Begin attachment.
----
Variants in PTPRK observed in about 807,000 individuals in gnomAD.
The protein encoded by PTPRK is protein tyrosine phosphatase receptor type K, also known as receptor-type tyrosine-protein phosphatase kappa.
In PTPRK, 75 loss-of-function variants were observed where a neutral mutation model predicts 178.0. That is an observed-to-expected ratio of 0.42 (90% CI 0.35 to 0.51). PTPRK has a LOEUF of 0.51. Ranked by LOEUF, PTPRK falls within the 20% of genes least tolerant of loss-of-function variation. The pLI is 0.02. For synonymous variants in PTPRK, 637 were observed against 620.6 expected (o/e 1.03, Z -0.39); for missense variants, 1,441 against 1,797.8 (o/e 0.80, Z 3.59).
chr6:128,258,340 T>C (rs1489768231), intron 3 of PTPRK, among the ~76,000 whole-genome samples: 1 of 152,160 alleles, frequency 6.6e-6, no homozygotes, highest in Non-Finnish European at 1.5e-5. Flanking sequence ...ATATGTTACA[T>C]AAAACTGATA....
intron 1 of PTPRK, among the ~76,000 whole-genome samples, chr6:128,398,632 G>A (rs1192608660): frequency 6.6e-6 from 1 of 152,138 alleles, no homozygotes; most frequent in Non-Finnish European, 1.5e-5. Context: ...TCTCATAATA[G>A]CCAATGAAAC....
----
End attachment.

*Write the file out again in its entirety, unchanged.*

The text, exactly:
Variants in PTPRK observed in about 807,000 individuals in gnomAD.
The protein encoded by PTPRK is protein tyrosine phosphatase receptor type K, also known as receptor-type tyrosine-protein phosphatase kappa.
In PTPRK, 75 loss-of-function variants were observed where a neutral mutation model predicts 178.0. That is an observed-to-expected ratio of 0.42 (90% CI 0.35 to 0.51). PTPRK has a LOEUF of 0.51. Ranked by LOEUF, PTPRK falls within the 20% of genes least tolerant of loss-of-function variation. The pLI is 0.02. For synonymous variants in PTPRK, 637 were observed against 620.6 expected (o/e 1.03, Z -0.39); for missense variants, 1,441 against 1,797.8 (o/e 0.80, Z 3.59).
chr6:128,258,340 T>C (rs1489768231), intron 3 of PTPRK, among the ~76,000 whole-genome samples: 1 of 152,160 alleles, frequency 6.6e-6, no homozygotes, highest in Non-Finnish European at 1.5e-5. Flanking sequence ...ATATGTTACA[T>C]AAAACTGATA....
intron 1 of PTPRK, among the ~76,000 whole-genome samples, chr6:128,398,632 G>A (rs1192608660): frequency 6.6e-6 from 1 of 152,138 alleles, no homozygotes; most frequent in Non-Finnish European, 1.5e-5. Context: ...TCTCATAATA[G>A]CCAATGAAAC....